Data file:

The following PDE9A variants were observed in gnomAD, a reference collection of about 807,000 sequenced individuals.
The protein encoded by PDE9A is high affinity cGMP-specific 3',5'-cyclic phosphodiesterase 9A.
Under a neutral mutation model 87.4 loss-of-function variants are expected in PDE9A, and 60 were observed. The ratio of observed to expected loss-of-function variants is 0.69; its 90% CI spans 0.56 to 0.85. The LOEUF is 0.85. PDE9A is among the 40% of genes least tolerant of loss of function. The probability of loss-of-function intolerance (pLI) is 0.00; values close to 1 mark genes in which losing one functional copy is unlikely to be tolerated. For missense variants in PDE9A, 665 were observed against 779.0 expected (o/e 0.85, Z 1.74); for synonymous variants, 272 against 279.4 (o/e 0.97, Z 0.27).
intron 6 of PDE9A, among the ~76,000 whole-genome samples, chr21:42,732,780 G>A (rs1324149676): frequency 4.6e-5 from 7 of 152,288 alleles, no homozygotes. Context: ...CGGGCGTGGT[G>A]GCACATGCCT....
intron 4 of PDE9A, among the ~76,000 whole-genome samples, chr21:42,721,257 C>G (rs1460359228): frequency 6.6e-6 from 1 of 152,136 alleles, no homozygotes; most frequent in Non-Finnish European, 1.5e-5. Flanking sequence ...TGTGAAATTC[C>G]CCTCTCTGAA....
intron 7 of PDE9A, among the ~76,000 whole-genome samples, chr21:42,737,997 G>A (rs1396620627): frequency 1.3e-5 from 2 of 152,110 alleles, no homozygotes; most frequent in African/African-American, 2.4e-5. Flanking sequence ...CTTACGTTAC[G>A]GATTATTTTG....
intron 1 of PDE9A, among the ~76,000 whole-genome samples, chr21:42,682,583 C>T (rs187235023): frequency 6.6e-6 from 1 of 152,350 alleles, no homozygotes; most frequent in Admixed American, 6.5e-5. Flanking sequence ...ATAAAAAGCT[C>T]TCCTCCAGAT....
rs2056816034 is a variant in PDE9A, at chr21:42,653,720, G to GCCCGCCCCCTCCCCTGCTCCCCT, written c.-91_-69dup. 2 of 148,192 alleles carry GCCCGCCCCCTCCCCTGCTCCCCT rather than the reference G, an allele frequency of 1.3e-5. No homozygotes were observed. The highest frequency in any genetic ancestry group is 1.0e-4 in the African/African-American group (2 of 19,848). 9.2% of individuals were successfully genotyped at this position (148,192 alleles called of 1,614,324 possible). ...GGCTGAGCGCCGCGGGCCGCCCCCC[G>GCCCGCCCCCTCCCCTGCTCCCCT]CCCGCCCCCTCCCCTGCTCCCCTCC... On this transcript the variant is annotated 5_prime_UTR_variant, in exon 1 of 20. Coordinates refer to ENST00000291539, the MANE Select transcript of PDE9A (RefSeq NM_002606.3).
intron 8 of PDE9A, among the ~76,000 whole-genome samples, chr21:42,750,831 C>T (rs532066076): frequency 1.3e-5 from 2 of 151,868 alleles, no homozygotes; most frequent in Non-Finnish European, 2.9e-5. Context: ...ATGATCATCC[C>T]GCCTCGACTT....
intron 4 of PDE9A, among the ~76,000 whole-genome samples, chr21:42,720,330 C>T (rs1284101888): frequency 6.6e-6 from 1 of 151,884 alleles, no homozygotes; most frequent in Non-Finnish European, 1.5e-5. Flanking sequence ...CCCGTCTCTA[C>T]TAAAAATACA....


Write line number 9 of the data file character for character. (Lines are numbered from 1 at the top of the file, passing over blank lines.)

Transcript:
intron 8 of PDE9A, among the ~76,000 whole-genome samples, chr21:42,750,831 C>T (rs532066076): frequency 1.3e-5 from 2 of 151,868 alleles, no homozygotes; most frequent in Non-Finnish European, 2.9e-5. Context: ...ATGATCATCC[C>T]GCCTCGACTT....